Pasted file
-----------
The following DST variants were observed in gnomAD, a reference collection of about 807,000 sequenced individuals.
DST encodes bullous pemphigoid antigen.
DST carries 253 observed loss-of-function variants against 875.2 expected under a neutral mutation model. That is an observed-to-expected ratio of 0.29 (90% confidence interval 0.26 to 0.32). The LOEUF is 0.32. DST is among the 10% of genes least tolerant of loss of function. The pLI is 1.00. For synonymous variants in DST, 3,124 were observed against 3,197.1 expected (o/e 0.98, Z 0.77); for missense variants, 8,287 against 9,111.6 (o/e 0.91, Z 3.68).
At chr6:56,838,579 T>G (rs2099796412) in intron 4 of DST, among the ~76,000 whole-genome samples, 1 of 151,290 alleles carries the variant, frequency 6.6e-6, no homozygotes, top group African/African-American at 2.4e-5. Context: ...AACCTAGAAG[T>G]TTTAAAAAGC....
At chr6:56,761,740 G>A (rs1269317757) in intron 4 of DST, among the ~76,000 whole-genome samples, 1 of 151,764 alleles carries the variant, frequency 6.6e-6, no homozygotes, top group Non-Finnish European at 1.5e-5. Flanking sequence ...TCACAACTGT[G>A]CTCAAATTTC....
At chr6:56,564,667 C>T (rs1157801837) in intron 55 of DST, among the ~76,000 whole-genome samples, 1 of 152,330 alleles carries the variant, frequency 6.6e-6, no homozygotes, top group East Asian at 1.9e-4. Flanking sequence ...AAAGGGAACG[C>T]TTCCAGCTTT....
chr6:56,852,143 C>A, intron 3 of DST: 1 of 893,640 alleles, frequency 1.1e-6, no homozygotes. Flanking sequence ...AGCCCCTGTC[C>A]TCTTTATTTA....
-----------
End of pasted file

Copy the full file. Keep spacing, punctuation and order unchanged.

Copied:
The following DST variants were observed in gnomAD, a reference collection of about 807,000 sequenced individuals.
DST encodes bullous pemphigoid antigen.
DST carries 253 observed loss-of-function variants against 875.2 expected under a neutral mutation model. That is an observed-to-expected ratio of 0.29 (90% confidence interval 0.26 to 0.32). The LOEUF is 0.32. DST is among the 10% of genes least tolerant of loss of function. The pLI is 1.00. For synonymous variants in DST, 3,124 were observed against 3,197.1 expected (o/e 0.98, Z 0.77); for missense variants, 8,287 against 9,111.6 (o/e 0.91, Z 3.68).
At chr6:56,838,579 T>G (rs2099796412) in intron 4 of DST, among the ~76,000 whole-genome samples, 1 of 151,290 alleles carries the variant, frequency 6.6e-6, no homozygotes, top group African/African-American at 2.4e-5. Context: ...AACCTAGAAG[T>G]TTTAAAAAGC....
At chr6:56,761,740 G>A (rs1269317757) in intron 4 of DST, among the ~76,000 whole-genome samples, 1 of 151,764 alleles carries the variant, frequency 6.6e-6, no homozygotes, top group Non-Finnish European at 1.5e-5. Flanking sequence ...TCACAACTGT[G>A]CTCAAATTTC....
At chr6:56,564,667 C>T (rs1157801837) in intron 55 of DST, among the ~76,000 whole-genome samples, 1 of 152,330 alleles carries the variant, frequency 6.6e-6, no homozygotes, top group East Asian at 1.9e-4. Flanking sequence ...AAAGGGAACG[C>T]TTCCAGCTTT....
chr6:56,852,143 C>A, intron 3 of DST: 1 of 893,640 alleles, frequency 1.1e-6, no homozygotes. Flanking sequence ...AGCCCCTGTC[C>A]TCTTTATTTA....